For those of you who know Shaye Marlow, welcome! For those who don’t, Marlow describes herself as
“an indie author who’ll take romance over horror, entertaining over plausible, informal over straight-laced (unless those laces are being undone by one of my characters), and steamy over G-rated every day of the week.” ~taken from Marlow’s Goodreads/Amazon profiles.
Indeed Marlow is best known for her Alaskan Romance series which is as erotic as it is humorous. Her writing resume also includes the Adventures of an Alien Captive, a series about firefighting menage a trois, as well as the Dreamer Awakened Series.
Following the release of her latest novel, Two Brutes One Barista (Alaskan Romance #3), Marlow took the time out of her busy life to answers some questions for her reader base. The interview follows:
Before I ask any questions, Would you mind introducing yourself for the people who do not know who you are?
Well, I think you’ve got it pretty well covered up above, but I could add that I was born and raised in Alaska. I was one of those that went off to school and career, believing I couldn’t support myself with writing. I published my first story in mid-2014, and haven’t looked back. I’m now happily—when things are going smoothly—writing full-time.
1. I found you because you were running a promo where 2 Cabins 1 Lake was free. Do you think that giving books away free works and why/why not?
Absolutely, yes. The first promo BookBub deal I did, I had almost fifty thousand of my books go out (free). That was fifty thousand people (I’m still amazed by that number) reading my book that otherwise probably would not have. Fifty thousand potential fans. Since my book is in Kindle Unlimited, I actually still made money off of people clicking the ‘Read for Free’ Kindle Unlimited button. Plus a lot of them went on to my sci-fi erotica, or stalked me for book 2, and then book 3, and so on. Of course, that was BookBub. Just discounting your book for a few days without any sort of publicity boost probably isn’t going to get anywhere close to that response.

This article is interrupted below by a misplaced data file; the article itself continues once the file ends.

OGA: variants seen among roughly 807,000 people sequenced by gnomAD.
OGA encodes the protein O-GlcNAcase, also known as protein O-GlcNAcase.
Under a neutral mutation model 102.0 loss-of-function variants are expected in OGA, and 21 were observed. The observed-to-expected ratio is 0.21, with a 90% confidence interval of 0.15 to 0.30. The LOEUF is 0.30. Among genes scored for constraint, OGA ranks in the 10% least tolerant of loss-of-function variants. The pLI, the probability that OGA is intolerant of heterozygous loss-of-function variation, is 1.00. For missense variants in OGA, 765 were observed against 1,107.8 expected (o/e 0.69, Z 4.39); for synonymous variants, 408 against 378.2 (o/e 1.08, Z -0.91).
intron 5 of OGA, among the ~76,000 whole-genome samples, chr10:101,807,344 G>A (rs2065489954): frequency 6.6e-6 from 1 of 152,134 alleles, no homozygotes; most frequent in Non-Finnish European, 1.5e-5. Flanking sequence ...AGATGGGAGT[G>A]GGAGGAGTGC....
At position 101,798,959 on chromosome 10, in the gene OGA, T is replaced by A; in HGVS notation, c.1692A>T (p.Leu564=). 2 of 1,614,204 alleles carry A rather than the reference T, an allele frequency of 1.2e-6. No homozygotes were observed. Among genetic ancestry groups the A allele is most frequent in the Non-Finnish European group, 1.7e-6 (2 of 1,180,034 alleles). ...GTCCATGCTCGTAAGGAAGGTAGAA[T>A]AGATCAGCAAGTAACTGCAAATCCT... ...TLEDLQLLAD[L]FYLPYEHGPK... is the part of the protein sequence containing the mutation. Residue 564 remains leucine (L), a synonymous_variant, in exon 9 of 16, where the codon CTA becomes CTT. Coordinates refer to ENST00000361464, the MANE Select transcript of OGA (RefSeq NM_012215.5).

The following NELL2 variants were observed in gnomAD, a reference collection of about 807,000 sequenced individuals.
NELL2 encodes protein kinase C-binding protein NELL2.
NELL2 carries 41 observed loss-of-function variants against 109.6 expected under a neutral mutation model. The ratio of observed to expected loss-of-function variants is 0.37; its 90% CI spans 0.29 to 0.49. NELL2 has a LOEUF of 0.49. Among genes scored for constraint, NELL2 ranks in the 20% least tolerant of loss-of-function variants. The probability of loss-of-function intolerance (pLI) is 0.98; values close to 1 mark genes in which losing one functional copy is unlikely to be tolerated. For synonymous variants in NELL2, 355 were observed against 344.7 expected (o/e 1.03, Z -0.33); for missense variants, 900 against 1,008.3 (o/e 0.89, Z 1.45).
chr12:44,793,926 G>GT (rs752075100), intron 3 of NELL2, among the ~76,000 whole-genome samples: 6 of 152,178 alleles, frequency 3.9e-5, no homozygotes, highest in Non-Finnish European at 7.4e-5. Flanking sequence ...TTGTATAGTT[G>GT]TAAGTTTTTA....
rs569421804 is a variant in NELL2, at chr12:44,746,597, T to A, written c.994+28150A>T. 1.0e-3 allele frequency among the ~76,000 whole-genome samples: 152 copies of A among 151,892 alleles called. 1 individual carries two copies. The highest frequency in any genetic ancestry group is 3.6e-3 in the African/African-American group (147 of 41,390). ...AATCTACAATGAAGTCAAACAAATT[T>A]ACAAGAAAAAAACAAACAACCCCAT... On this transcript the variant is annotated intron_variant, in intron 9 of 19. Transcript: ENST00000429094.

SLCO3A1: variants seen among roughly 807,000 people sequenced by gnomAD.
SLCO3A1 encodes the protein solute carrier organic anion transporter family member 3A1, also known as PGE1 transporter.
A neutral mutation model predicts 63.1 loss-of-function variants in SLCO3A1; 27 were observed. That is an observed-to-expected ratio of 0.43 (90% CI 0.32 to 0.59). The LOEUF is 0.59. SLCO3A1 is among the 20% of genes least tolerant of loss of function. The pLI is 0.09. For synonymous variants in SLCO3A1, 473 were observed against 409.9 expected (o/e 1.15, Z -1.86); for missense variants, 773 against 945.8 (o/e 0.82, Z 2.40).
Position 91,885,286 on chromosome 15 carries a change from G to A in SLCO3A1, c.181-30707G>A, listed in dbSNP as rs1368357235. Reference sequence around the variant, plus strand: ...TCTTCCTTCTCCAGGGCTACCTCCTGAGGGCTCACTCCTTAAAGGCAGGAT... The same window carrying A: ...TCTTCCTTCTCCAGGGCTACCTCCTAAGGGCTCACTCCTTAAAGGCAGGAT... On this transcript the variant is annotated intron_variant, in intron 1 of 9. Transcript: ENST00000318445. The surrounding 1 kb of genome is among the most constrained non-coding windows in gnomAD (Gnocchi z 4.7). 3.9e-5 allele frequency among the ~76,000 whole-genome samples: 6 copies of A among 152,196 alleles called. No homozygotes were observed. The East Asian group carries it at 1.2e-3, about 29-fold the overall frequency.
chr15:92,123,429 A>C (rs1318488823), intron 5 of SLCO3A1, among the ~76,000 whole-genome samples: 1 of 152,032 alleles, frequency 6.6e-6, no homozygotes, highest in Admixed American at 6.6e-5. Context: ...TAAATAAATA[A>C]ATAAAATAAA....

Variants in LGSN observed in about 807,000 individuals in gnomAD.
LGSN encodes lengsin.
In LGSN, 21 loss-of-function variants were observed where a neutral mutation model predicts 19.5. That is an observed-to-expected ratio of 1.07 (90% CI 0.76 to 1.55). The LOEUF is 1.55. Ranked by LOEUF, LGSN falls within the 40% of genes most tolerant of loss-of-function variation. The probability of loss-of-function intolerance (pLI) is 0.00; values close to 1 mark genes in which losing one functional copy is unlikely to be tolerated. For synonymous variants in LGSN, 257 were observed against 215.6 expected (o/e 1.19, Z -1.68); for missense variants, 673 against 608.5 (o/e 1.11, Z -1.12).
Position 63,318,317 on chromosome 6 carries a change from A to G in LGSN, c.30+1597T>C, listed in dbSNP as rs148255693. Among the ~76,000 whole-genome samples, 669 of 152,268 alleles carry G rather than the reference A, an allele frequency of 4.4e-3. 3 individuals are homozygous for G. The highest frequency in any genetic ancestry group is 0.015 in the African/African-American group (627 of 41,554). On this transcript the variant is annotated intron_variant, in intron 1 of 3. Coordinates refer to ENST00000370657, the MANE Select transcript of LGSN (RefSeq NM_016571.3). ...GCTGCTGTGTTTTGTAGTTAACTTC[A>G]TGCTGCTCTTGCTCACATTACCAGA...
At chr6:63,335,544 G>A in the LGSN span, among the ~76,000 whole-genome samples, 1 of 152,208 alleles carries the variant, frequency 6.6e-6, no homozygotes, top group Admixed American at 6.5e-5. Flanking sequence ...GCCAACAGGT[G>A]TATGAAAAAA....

3. What was the best money you ever spent as a writer?
LOL! That first $365 I sent to Bookbub. Before that sale, I was barely paying my student loans. After, I’m more-or-less supporting myself.
4. For your most recent book, you sent out ARCs for betas to read and give feedback. How much of your stories are original versus what the readers what they want?
First, I think there’s a difference between ARCs (Advance Reader/Reviewer Copies) and the draft I send to beta-readers. ARCs are damn-near finished novels authors send out to reviewers pre-publication so that the reviewers get a chance to read the book and then help publicize their work.
Beta-reader copies (which is what I was trying for) are sent out with the goal of improving the story, the readability, believability, sympathy, all of it. Based on feedback, I… aw, hell, I just cleaned my desk, so that list of crossed-out edits is gone. So, from memory, on Two Brutes, I shortened up the beginning, took out some extraneous scenes. There were some monetary details I had to fix. Some readers were upset I took so long to get to the sexy times, so I embellished/moved those forward a bit. The prologue went bye-bye. And the end… Beta-readers wanted more of a wrap-up, and so I threw in another scene (Epilogue #1) to help resolve everything.
My first novel, Two Cabins, barely got beta-read, and so there were very little changes made. Contrast that with Two Brutes, where I had twenty-some responses to sift through.
One thing I have found is that you have to be true to yourself and what you were trying for, even if a couple of the beta-readers don’t like it. Not everyone is going to like everything, all the time. It’s an impossibility.
5. Are you friends with any other authors? Do they influence you as a writer?
At this point? Just Sara King, sci-fi author, though I’ve been meeting more and more indie authors on Facebook and Twitter. Sara King was basically the one that said, “Go forth. Write.” She helped me brainstorm my first story arc, and then pushed me out of the nest. I think if I were less of a recluse, if I went to RWA conventions (while drunk, I’d have to be drunk), I’d have all sorts of writer buddies.
6. Did publishing your books change your process of writing?